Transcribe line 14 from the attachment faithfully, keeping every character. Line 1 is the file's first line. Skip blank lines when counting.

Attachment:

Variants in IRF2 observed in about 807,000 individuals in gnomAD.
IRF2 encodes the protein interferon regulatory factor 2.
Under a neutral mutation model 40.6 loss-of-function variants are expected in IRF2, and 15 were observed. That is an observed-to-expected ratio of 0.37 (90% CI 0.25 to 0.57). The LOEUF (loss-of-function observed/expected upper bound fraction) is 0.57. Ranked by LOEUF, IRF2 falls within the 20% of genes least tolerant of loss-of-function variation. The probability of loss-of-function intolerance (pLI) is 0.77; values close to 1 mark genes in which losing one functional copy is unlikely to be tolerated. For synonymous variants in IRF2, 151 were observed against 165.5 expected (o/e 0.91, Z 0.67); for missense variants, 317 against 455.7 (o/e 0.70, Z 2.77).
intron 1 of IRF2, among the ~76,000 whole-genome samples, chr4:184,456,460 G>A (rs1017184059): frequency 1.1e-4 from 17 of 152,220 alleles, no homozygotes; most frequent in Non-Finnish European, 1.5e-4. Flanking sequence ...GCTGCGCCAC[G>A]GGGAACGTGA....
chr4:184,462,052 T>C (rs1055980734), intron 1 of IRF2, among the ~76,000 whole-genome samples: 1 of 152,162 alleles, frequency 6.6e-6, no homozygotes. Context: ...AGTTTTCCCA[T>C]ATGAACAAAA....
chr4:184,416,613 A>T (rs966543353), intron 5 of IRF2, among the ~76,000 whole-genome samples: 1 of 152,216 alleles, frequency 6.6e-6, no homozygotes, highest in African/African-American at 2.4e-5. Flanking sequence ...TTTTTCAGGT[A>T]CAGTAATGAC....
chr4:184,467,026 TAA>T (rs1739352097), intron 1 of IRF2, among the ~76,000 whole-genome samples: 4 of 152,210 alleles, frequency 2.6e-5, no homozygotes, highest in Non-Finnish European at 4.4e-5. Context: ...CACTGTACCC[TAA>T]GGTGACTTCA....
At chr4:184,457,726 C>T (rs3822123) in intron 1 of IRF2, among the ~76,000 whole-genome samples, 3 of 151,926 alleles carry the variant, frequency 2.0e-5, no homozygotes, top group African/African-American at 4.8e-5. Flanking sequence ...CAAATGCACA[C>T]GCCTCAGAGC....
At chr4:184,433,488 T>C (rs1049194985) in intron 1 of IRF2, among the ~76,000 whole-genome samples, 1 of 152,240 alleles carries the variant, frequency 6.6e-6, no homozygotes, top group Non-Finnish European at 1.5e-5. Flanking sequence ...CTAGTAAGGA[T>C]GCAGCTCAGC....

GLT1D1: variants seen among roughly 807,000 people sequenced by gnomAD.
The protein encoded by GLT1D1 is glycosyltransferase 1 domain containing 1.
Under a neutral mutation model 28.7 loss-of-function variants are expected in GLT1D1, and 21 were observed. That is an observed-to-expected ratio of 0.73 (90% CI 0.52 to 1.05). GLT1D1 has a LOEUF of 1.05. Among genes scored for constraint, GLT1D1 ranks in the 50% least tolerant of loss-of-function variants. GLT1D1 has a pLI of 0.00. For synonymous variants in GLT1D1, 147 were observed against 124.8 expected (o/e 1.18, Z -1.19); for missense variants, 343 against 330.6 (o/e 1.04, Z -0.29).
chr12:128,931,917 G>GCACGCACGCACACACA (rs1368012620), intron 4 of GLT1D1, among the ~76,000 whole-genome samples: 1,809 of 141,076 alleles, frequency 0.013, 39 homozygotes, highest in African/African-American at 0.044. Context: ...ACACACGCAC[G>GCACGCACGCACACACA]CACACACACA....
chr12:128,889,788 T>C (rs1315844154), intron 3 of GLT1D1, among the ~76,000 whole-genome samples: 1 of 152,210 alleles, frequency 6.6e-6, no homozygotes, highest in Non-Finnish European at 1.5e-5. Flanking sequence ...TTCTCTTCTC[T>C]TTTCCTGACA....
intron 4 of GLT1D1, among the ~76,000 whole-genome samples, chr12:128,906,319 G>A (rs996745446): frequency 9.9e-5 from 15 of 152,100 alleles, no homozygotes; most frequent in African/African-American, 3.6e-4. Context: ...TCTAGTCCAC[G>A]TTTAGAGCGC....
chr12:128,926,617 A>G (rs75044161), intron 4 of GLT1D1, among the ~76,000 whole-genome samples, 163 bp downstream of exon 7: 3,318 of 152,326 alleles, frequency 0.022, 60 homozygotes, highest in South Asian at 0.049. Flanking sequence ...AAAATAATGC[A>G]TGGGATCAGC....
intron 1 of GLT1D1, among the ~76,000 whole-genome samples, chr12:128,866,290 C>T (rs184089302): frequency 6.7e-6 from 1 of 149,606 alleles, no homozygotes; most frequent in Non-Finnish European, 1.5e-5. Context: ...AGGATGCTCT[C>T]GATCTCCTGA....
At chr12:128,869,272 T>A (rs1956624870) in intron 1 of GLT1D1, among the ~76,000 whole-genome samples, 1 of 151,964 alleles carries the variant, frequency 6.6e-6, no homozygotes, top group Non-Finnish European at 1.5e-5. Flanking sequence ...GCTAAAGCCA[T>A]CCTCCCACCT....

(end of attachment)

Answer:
chr12:128,889,788 T>C (rs1315844154), intron 3 of GLT1D1, among the ~76,000 whole-genome samples: 1 of 152,210 alleles, frequency 6.6e-6, no homozygotes, highest in Non-Finnish European at 1.5e-5. Flanking sequence ...TTCTCTTCTC[T>C]TTTCCTGACA....